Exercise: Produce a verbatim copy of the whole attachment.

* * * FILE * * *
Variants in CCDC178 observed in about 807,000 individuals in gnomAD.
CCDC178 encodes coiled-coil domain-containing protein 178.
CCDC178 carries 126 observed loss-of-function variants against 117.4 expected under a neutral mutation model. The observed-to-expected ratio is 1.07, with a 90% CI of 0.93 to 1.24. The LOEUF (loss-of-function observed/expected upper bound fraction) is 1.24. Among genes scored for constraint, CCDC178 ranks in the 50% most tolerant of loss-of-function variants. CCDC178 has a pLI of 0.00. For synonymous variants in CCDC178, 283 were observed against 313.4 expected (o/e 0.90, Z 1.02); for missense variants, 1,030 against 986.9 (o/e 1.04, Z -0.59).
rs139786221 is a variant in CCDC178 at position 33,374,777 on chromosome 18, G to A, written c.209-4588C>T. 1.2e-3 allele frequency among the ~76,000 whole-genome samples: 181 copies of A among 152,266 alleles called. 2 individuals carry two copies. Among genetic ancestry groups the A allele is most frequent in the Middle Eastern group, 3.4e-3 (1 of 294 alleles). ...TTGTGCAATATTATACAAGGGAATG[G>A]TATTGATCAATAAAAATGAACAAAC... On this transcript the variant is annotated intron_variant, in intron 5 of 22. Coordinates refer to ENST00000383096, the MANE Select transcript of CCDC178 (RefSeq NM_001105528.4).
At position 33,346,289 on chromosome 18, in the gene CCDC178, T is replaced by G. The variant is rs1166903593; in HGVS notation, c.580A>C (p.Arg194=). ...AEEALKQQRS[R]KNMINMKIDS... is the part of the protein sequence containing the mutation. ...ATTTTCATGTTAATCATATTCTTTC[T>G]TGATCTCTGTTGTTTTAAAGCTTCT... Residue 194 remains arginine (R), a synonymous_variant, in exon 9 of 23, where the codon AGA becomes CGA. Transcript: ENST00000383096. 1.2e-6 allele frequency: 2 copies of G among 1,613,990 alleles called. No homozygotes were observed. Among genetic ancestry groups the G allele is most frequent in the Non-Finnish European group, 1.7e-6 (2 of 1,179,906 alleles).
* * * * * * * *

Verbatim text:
Variants in CCDC178 observed in about 807,000 individuals in gnomAD.
CCDC178 encodes coiled-coil domain-containing protein 178.
CCDC178 carries 126 observed loss-of-function variants against 117.4 expected under a neutral mutation model. The observed-to-expected ratio is 1.07, with a 90% CI of 0.93 to 1.24. The LOEUF (loss-of-function observed/expected upper bound fraction) is 1.24. Among genes scored for constraint, CCDC178 ranks in the 50% most tolerant of loss-of-function variants. CCDC178 has a pLI of 0.00. For synonymous variants in CCDC178, 283 were observed against 313.4 expected (o/e 0.90, Z 1.02); for missense variants, 1,030 against 986.9 (o/e 1.04, Z -0.59).
rs139786221 is a variant in CCDC178 at position 33,374,777 on chromosome 18, G to A, written c.209-4588C>T. 1.2e-3 allele frequency among the ~76,000 whole-genome samples: 181 copies of A among 152,266 alleles called. 2 individuals carry two copies. Among genetic ancestry groups the A allele is most frequent in the Middle Eastern group, 3.4e-3 (1 of 294 alleles). ...TTGTGCAATATTATACAAGGGAATG[G>A]TATTGATCAATAAAAATGAACAAAC... On this transcript the variant is annotated intron_variant, in intron 5 of 22. Coordinates refer to ENST00000383096, the MANE Select transcript of CCDC178 (RefSeq NM_001105528.4).
At position 33,346,289 on chromosome 18, in the gene CCDC178, T is replaced by G. The variant is rs1166903593; in HGVS notation, c.580A>C (p.Arg194=). ...AEEALKQQRS[R]KNMINMKIDS... is the part of the protein sequence containing the mutation. ...ATTTTCATGTTAATCATATTCTTTC[T>G]TGATCTCTGTTGTTTTAAAGCTTCT... Residue 194 remains arginine (R), a synonymous_variant, in exon 9 of 23, where the codon AGA becomes CGA. Transcript: ENST00000383096. 1.2e-6 allele frequency: 2 copies of G among 1,613,990 alleles called. No homozygotes were observed. Among genetic ancestry groups the G allele is most frequent in the Non-Finnish European group, 1.7e-6 (2 of 1,179,906 alleles).